The process itself, add Ricardo Hausmann and Roberto Rigobon, from Harvard and MIT, had 99% of probabilities of being fraudulent. The explanation given by these members of Harvard and MIT is that the CNE, again, had changed the rules and that the tallies were printed in the Central offices of the CNE after they had been received in the Center and not before, at the level of each individual voting machine. In addition, Smartmatic lied when they said that there was no two-way communication between CNE headquarters and the individual machines. There was. In this manner, Haussman and Rigobon claim, the results could have been tampered with, as their statistic analysis suggests. They add that the CNE did not allow the opposition or the international observers (something that The Carter Center has corroborated) to properly monitor the CNE's computing center while this was being done, a restriction, which lends considerable strength to the assumption of fraud.
The Carter Center has admitted, in its preliminary findings, that the process was plagued with irregularities and that the current structure and composition of the CNE are unreliable and unfit to conduct an impartial electoral process. However, they still formally insist that they have not seen evidence of fraud. This is their official position, although their final report on the Venezuelan referendum will surely be highly critical of the CNE. Given the awkward situation they are in, these admissions by The Carter Center, once they are confirmed by the final report, will amount to an open disqualification of the Venezuelan Electoral Institution by one of the main international observers of the process. The probable outcome of this report is that we will never see The Carter Center again in Venezuela, in matters related to voting since they will have managed to dissatisfy both the opposition and the government. They probably decided that, strategically, they were much better off by giving their blessing to the official results given by the CNE, in order to disengage from the very complex Venezuelan situation. Lending support to the claims of fraud would have kept them in Venezuela for an indefinite period of time, something they did not want to do. So, they ran. If this was the basis for their decision, they are also running the risk of a significant loss of credibility, in case fraud could be substantiated. It seems to me that what could be called circumstantial evidence for fraud is becoming overwhelming: the statistical analyses coming from different experts, the arguments of Quiros, the report presented in Caracas by the opposition, the video showing the military tampering with the ballot boxes, the reports of individual observers which have been appearing in the press, the exit polls, the maneuvers by the CNE to switch thousands of voters from one geographical place to another just before the referendum took place, the incorporation in a few months of hundreds of thousands of aliens to the voting register. It must be remembered that when the CNE forced a third signature collection process, their argument to do so was that of "reasonable doubt." But, today, with much stronger reasons for "reasonable doubt," they insist that Venezuelans have to turn the page. It is this arrogant and asymmetric manner of conducting their duties what disqualifies Carrasquero, Rodriguez and Bataglini in the eyes of four million Venezuelans.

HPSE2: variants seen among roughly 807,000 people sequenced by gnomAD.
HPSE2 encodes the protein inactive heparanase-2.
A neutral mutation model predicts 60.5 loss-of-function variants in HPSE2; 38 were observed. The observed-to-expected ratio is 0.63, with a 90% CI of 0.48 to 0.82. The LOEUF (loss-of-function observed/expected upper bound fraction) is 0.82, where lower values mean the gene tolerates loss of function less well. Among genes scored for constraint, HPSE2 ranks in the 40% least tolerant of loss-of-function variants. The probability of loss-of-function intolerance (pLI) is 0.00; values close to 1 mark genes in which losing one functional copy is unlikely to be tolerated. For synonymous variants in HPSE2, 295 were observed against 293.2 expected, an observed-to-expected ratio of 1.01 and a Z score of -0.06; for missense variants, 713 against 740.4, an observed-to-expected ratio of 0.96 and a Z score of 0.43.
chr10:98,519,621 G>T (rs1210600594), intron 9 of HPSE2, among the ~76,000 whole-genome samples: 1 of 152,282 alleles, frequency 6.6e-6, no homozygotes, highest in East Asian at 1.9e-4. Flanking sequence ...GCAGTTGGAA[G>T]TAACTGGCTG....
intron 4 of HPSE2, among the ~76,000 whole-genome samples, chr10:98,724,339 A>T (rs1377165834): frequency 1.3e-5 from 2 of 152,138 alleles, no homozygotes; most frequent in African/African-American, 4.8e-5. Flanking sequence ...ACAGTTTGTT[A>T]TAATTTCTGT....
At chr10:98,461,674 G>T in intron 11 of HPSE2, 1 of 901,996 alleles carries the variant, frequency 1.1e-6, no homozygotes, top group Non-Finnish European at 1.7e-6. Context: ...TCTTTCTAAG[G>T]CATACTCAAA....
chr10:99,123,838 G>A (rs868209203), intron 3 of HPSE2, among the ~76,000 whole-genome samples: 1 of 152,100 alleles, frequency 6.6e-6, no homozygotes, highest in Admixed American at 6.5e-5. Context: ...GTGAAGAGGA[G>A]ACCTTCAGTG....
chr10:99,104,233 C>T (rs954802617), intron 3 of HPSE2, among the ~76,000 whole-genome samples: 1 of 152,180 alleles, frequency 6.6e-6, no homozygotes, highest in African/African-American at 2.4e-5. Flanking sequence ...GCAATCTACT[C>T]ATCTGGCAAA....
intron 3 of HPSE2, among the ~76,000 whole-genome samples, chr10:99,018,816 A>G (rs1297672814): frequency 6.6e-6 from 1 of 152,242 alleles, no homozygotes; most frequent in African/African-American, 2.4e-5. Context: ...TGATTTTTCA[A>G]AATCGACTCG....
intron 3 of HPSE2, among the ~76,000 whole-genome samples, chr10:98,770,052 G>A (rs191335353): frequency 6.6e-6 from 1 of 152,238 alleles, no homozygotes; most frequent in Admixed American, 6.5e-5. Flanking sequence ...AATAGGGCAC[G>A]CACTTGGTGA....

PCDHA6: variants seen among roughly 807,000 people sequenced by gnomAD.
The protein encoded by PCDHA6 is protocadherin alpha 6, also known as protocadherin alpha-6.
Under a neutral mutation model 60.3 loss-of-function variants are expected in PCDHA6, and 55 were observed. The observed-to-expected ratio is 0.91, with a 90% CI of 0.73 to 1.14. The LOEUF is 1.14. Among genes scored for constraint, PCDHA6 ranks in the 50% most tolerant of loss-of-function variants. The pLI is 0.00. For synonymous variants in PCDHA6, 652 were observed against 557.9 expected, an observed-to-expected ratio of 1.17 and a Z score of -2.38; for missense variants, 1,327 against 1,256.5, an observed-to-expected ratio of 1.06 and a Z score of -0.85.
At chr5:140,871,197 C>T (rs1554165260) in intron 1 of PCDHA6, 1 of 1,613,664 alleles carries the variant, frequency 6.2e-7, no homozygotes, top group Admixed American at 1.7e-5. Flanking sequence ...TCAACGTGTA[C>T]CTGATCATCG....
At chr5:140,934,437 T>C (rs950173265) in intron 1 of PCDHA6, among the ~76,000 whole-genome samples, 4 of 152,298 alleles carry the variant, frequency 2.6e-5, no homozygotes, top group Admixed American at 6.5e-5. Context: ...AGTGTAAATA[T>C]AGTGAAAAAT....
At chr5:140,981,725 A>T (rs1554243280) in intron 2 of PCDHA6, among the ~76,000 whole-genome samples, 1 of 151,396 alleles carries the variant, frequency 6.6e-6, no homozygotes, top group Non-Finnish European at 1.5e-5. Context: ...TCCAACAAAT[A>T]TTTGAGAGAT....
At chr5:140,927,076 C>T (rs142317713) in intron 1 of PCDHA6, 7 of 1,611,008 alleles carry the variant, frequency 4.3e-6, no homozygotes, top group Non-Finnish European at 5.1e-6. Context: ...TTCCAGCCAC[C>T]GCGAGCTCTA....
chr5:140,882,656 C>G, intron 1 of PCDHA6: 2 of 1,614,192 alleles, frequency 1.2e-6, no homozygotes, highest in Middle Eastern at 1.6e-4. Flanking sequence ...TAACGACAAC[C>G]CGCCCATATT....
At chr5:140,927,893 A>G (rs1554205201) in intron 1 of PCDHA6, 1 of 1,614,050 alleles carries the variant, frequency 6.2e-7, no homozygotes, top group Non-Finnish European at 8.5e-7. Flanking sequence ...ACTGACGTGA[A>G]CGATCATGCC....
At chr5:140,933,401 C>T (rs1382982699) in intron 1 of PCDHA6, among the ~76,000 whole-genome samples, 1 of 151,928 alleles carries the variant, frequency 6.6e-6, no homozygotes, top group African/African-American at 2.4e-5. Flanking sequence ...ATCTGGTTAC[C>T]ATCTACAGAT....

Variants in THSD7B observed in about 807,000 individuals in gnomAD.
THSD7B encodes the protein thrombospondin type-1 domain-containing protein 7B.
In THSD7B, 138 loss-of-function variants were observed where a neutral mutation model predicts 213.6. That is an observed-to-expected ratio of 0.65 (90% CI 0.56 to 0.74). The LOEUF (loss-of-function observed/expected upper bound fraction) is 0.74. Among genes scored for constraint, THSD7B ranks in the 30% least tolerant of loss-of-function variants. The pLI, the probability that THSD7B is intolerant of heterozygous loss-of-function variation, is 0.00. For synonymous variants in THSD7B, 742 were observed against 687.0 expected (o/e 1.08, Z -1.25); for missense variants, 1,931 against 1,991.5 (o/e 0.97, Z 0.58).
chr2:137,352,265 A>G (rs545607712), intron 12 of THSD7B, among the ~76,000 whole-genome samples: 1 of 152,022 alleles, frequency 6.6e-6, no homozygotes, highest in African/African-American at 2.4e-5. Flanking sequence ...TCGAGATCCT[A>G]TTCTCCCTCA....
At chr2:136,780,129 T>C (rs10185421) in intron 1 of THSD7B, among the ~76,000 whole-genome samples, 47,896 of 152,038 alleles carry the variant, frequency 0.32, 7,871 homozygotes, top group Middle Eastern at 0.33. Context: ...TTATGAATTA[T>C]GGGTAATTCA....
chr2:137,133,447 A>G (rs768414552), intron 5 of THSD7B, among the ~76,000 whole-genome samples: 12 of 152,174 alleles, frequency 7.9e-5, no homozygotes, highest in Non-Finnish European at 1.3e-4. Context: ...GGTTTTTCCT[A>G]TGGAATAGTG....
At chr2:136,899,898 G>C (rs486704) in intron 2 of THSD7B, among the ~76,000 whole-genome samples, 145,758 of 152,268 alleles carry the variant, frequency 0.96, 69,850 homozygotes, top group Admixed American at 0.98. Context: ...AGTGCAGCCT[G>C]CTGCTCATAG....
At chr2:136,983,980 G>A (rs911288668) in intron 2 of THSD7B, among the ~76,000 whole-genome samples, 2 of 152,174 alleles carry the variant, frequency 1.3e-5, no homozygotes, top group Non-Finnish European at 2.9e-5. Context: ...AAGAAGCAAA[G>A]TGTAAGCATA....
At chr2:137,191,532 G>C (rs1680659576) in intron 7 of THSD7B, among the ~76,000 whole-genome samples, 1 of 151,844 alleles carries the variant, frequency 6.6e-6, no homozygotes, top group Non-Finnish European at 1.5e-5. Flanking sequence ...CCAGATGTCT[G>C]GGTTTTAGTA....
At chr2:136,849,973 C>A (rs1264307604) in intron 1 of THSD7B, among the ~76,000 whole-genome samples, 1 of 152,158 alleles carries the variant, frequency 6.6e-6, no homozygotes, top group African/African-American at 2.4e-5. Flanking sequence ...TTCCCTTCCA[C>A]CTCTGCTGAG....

The case against turning the page of the referendum is so strong, both rationally and emotionally, that it is impossible to ask us to let go and forget. The Venezuelan air is highly poisoned, saturated with distrust and resentment. It will take a major political gesture from the part of the current regime to re- establish the minimum conditions for democracy in our country. Otherwise Chávez will enjoy an illusory victory and the people will be the big loser, as always.
The position of Venezuelan Ambassador Bernardo Alvarez is also known from his numerous public appearances. He claims that the opposition should stop playing "strategically" (sounding like a victim) and should start facing the need for true co-existence with the government. But it takes two to tango. One thing is clear. The first step in this direction has to be taken by a President that has six years insulting the opposition and excluding half of the nation from decision-making. I have said before and I repeat again that there is no way a regime can govern a country in which half the population (the half that generates most of the wealth that oil does not generate) is treated like second-class citizens. If this simple fact is not recognized by Chávez, who is the only one taking decisions in the current regime, there is no hope for democracy in Venezuela, at least while he is in power.